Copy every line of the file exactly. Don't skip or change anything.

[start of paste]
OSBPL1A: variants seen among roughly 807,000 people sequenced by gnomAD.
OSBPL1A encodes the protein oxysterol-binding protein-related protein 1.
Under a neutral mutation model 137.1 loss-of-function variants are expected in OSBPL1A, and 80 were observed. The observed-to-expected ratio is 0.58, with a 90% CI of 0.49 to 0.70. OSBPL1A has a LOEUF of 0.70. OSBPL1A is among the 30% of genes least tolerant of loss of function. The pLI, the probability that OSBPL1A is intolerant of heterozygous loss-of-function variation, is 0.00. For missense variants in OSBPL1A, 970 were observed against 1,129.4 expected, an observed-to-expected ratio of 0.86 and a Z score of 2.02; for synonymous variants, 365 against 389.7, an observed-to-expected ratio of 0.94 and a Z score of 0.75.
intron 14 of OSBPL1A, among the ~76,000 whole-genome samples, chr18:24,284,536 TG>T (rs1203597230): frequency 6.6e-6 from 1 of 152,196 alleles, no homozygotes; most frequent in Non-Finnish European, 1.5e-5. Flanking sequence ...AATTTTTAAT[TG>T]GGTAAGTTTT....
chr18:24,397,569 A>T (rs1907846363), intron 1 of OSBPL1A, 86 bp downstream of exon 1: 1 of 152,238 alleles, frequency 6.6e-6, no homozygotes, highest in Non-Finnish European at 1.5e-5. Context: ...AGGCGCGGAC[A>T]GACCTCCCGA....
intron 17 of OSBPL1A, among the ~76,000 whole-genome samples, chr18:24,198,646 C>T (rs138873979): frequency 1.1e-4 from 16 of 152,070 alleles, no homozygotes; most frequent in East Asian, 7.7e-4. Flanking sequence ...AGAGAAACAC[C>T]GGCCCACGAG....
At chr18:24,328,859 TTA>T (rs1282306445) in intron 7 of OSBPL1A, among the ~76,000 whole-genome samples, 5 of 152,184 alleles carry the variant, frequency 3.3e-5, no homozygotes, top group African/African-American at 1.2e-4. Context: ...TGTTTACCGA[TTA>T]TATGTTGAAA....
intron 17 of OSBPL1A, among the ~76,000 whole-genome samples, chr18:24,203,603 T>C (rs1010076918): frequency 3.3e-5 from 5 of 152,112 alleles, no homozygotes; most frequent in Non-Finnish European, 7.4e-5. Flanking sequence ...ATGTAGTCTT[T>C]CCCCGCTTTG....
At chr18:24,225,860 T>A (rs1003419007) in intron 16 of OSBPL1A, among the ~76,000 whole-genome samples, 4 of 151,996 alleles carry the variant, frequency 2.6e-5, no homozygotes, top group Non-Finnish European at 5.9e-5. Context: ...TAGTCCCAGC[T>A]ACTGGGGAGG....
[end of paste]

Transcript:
OSBPL1A: variants seen among roughly 807,000 people sequenced by gnomAD.
OSBPL1A encodes the protein oxysterol-binding protein-related protein 1.
Under a neutral mutation model 137.1 loss-of-function variants are expected in OSBPL1A, and 80 were observed. The observed-to-expected ratio is 0.58, with a 90% CI of 0.49 to 0.70. OSBPL1A has a LOEUF of 0.70. OSBPL1A is among the 30% of genes least tolerant of loss of function. The pLI, the probability that OSBPL1A is intolerant of heterozygous loss-of-function variation, is 0.00. For missense variants in OSBPL1A, 970 were observed against 1,129.4 expected, an observed-to-expected ratio of 0.86 and a Z score of 2.02; for synonymous variants, 365 against 389.7, an observed-to-expected ratio of 0.94 and a Z score of 0.75.
intron 14 of OSBPL1A, among the ~76,000 whole-genome samples, chr18:24,284,536 TG>T (rs1203597230): frequency 6.6e-6 from 1 of 152,196 alleles, no homozygotes; most frequent in Non-Finnish European, 1.5e-5. Flanking sequence ...AATTTTTAAT[TG>T]GGTAAGTTTT....
chr18:24,397,569 A>T (rs1907846363), intron 1 of OSBPL1A, 86 bp downstream of exon 1: 1 of 152,238 alleles, frequency 6.6e-6, no homozygotes, highest in Non-Finnish European at 1.5e-5. Context: ...AGGCGCGGAC[A>T]GACCTCCCGA....
intron 17 of OSBPL1A, among the ~76,000 whole-genome samples, chr18:24,198,646 C>T (rs138873979): frequency 1.1e-4 from 16 of 152,070 alleles, no homozygotes; most frequent in East Asian, 7.7e-4. Flanking sequence ...AGAGAAACAC[C>T]GGCCCACGAG....
At chr18:24,328,859 TTA>T (rs1282306445) in intron 7 of OSBPL1A, among the ~76,000 whole-genome samples, 5 of 152,184 alleles carry the variant, frequency 3.3e-5, no homozygotes, top group African/African-American at 1.2e-4. Context: ...TGTTTACCGA[TTA>T]TATGTTGAAA....
intron 17 of OSBPL1A, among the ~76,000 whole-genome samples, chr18:24,203,603 T>C (rs1010076918): frequency 3.3e-5 from 5 of 152,112 alleles, no homozygotes; most frequent in Non-Finnish European, 7.4e-5. Flanking sequence ...ATGTAGTCTT[T>C]CCCCGCTTTG....
At chr18:24,225,860 T>A (rs1003419007) in intron 16 of OSBPL1A, among the ~76,000 whole-genome samples, 4 of 151,996 alleles carry the variant, frequency 2.6e-5, no homozygotes, top group Non-Finnish European at 5.9e-5. Context: ...TAGTCCCAGC[T>A]ACTGGGGAGG....